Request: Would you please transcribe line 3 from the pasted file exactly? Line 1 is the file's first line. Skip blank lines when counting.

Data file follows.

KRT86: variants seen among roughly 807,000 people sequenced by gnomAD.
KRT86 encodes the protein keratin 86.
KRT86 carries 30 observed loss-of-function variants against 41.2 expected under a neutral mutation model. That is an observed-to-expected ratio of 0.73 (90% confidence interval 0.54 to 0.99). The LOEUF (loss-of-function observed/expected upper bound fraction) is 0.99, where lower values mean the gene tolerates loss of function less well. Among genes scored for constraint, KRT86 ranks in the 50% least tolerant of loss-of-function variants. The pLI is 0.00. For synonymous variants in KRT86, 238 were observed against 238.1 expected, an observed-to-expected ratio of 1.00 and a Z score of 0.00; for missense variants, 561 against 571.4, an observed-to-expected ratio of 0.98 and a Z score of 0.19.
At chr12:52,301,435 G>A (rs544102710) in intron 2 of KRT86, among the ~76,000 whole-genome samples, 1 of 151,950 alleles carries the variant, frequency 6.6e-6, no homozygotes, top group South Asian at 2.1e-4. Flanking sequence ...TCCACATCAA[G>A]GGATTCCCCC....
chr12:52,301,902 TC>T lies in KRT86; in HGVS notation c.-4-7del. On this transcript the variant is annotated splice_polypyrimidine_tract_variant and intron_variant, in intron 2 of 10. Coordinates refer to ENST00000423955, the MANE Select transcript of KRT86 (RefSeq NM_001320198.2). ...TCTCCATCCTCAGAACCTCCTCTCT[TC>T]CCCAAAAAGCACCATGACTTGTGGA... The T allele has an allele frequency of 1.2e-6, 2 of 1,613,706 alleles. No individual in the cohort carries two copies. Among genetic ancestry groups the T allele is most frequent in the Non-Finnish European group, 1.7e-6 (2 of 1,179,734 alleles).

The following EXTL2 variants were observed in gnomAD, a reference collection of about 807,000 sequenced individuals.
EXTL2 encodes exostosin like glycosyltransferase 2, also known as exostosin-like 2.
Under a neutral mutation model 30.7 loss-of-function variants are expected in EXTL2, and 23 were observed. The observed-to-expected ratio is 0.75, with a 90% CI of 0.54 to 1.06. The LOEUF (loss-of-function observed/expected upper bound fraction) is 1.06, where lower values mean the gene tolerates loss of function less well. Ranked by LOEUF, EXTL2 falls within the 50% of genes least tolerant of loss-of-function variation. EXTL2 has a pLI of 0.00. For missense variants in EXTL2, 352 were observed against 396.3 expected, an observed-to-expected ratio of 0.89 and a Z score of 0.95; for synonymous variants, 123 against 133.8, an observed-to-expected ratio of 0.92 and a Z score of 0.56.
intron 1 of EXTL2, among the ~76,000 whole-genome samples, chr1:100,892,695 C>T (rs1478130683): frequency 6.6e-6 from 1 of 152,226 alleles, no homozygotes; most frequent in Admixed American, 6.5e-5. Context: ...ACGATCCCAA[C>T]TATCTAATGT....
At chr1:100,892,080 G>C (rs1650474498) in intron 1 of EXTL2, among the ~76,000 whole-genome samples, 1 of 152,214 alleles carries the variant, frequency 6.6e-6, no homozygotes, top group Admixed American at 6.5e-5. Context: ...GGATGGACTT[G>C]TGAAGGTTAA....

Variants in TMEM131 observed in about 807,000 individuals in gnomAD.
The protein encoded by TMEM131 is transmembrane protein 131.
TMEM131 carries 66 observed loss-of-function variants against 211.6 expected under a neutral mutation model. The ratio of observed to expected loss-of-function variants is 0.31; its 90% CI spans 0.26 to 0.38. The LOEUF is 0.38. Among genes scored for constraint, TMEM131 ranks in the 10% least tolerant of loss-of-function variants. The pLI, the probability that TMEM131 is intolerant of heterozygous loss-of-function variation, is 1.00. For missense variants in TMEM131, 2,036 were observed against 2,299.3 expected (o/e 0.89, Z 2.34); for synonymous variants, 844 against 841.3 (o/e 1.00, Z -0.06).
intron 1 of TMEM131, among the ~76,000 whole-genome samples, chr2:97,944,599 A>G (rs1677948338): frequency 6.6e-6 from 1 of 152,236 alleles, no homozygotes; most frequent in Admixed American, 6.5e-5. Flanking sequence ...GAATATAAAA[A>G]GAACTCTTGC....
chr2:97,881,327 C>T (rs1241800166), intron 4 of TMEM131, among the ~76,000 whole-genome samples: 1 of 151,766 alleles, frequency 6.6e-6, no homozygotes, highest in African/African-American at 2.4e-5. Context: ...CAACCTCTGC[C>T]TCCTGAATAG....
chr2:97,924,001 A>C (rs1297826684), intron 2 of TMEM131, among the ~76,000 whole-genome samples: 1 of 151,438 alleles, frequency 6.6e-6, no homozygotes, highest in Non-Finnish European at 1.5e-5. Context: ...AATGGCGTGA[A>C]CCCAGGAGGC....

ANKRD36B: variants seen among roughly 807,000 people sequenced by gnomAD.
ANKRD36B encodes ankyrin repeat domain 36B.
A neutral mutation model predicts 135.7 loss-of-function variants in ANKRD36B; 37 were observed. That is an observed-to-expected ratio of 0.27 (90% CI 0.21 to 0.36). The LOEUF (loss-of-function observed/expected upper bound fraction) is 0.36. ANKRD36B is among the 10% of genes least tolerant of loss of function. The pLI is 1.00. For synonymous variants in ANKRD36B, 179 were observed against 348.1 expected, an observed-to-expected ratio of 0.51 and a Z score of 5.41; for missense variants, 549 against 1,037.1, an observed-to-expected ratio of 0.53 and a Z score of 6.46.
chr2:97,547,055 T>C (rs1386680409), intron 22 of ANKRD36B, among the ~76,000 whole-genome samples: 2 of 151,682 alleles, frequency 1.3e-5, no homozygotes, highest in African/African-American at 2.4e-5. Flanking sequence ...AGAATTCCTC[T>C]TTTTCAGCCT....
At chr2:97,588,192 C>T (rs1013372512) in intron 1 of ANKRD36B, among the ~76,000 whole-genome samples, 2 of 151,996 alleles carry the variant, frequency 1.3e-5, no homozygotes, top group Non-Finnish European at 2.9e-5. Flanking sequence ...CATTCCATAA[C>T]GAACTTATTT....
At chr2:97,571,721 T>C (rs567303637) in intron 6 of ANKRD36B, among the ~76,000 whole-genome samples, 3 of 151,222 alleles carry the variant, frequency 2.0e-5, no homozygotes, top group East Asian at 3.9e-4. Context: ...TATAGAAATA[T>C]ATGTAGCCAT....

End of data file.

KRT86 carries 30 observed loss-of-function variants against 41.2 expected under a neutral mutation model. That is an observed-to-expected ratio of 0.73 (90% confidence interval 0.54 to 0.99). The LOEUF (loss-of-function observed/expected upper bound fraction) is 0.99, where lower values mean the gene tolerates loss of function less well. Among genes scored for constraint, KRT86 ranks in the 50% least tolerant of loss-of-function variants. The pLI is 0.00. For synonymous variants in KRT86, 238 were observed against 238.1 expected, an observed-to-expected ratio of 1.00 and a Z score of 0.00; for missense variants, 561 against 571.4, an observed-to-expected ratio of 0.98 and a Z score of 0.19.